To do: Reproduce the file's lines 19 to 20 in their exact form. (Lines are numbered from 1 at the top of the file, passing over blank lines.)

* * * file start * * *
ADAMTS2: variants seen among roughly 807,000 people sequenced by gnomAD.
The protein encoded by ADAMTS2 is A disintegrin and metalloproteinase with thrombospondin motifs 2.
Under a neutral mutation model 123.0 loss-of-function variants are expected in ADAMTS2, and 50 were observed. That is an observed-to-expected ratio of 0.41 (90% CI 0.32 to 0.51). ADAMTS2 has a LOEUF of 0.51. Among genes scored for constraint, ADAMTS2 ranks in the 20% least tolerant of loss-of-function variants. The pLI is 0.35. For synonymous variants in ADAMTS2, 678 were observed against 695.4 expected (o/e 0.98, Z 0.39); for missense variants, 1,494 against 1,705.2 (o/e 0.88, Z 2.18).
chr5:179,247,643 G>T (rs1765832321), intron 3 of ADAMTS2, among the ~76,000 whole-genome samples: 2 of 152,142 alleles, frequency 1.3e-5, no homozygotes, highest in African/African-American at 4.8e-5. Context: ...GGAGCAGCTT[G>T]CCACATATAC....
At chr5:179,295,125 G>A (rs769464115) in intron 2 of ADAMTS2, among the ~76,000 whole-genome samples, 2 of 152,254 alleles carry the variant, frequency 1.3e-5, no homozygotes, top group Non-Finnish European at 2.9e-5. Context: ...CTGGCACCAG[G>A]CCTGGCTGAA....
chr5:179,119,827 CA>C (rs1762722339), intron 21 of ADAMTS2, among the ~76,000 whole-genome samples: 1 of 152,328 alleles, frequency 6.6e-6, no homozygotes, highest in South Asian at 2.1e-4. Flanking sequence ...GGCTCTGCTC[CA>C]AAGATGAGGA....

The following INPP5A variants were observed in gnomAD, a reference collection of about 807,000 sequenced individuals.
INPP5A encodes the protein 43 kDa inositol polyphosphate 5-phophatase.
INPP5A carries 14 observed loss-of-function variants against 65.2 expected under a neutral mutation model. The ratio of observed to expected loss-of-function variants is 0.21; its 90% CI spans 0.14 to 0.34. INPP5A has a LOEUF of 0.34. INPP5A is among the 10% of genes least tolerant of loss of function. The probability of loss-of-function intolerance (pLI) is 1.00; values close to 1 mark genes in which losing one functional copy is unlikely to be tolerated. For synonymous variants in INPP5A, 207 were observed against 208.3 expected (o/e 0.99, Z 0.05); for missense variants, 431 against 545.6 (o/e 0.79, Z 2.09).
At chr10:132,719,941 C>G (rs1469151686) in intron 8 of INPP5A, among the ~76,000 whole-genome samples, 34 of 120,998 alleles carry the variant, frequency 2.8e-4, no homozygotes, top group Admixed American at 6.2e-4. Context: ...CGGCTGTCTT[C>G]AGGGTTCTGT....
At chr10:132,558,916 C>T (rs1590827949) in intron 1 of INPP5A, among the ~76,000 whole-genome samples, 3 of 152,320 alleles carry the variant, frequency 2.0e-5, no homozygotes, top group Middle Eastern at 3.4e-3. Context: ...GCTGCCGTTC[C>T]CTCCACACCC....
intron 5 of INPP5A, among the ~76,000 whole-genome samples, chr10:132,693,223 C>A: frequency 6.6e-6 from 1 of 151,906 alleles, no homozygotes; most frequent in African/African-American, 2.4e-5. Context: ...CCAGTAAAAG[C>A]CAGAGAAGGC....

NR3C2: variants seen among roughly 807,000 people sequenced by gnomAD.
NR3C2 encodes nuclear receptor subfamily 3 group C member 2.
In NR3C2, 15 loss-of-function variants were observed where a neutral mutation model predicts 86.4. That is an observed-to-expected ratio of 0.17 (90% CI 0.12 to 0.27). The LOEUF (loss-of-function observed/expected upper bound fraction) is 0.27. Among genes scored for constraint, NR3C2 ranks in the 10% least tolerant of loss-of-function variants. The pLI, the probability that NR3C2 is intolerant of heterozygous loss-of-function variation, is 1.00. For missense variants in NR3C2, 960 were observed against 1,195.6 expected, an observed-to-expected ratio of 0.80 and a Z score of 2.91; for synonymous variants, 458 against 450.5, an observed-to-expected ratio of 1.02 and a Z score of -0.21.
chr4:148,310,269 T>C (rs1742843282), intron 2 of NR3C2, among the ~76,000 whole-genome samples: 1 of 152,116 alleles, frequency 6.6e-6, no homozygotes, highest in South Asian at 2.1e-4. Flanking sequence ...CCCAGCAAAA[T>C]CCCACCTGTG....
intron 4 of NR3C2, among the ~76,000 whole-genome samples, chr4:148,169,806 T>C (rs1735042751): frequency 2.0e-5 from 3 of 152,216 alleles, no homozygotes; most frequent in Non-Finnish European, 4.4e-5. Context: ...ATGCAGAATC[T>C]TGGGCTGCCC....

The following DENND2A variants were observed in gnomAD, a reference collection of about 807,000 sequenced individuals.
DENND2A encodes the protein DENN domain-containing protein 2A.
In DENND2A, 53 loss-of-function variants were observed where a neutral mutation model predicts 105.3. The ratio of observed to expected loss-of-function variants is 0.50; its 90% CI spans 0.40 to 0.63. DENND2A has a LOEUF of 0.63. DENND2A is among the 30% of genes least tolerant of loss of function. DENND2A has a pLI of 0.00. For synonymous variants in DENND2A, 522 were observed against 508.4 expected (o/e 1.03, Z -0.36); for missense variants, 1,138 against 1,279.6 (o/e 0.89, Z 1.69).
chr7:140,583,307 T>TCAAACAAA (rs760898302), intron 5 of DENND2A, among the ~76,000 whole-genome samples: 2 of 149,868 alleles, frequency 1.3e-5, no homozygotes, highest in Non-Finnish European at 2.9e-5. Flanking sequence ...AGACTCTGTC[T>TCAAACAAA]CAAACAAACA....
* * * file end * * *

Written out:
DENND2A encodes the protein DENN domain-containing protein 2A.
In DENND2A, 53 loss-of-function variants were observed where a neutral mutation model predicts 105.3. The ratio of observed to expected loss-of-function variants is 0.50; its 90% CI spans 0.40 to 0.63. DENND2A has a LOEUF of 0.63. DENND2A is among the 30% of genes least tolerant of loss of function. DENND2A has a pLI of 0.00. For synonymous variants in DENND2A, 522 were observed against 508.4 expected (o/e 1.03, Z -0.36); for missense variants, 1,138 against 1,279.6 (o/e 0.89, Z 1.69).